Dear LAMMP users and developers,
I am simulating the tensile testing of Cu nanowires under strain rate controlled testing. Equilibrated nanowires rotate during deformation for small size nanowires (square cross-section nanowire width < 4 nm and length < 8nm), whereas i didn’t observe this rotation problem for larger size nanowires. nanowire has been maintained periodic boundary conditions along loading direction, while the remaining directions were left free. What is the reason behind this rotation behaviour of nanowires during deformation for small sized nanowires and how to solve this issue.
Thanks in advance,
Well this really isn’t a LAMMPS question, more of a material science question. Here a few thoughts you can chase down. The ‘rotation’ I am going to assume is the formation of slip bands or motion of twin boundaries, which is very much a real physical effect of loading(see https://www.nature.com/articles/nnano.2012.116 ). The observation of slip is an effect of resolved shear stress, change your loading axis to something else in the crystal to see this effect. In MD your strain rates are very high, and if these samples are defect free (lack of stress concentrators), you will be at the mercy of thermal fluctuations to nucleate the slip band. Also, a square nanowire really isn’t physical, surface energy is going to dominate and will prefer a rounded surface. Hope that helps guide your next set of experiments.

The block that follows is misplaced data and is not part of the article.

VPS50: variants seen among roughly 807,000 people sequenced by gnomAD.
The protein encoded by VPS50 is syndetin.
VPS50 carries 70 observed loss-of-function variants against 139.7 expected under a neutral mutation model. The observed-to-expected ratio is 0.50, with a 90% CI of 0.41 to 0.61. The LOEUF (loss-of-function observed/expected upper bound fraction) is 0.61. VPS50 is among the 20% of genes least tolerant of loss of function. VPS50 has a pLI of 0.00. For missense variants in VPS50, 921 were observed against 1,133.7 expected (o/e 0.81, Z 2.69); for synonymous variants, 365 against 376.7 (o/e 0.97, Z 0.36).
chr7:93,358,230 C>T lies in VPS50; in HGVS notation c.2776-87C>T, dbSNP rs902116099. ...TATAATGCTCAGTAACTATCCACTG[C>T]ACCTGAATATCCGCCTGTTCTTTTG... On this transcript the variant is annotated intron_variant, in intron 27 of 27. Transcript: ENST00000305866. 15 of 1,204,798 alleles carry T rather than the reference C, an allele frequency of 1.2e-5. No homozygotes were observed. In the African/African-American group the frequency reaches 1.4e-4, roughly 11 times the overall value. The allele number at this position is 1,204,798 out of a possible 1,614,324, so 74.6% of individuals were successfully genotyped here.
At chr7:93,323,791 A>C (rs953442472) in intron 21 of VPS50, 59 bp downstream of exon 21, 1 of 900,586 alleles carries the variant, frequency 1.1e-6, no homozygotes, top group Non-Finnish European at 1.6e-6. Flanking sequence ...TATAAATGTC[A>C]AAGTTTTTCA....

I am sorry for not mentioning my issue clearly. I had observed the rotation phenomenon during elastic deformation itself (not during plastic deformation). I am performing simulations at a strain rate of 10^8 s^-1. I had observed this issue only for small size nanowires as mentioned previously.
Thanks in advance,
Ok, I still don’t know what you mean by rotation then. Are you using the “rot yes” portion of the velocity command (http://lammps.sandia.gov/doc/velocity.html)? It really isn’t productive for me to keep guessing as to what the problem is though.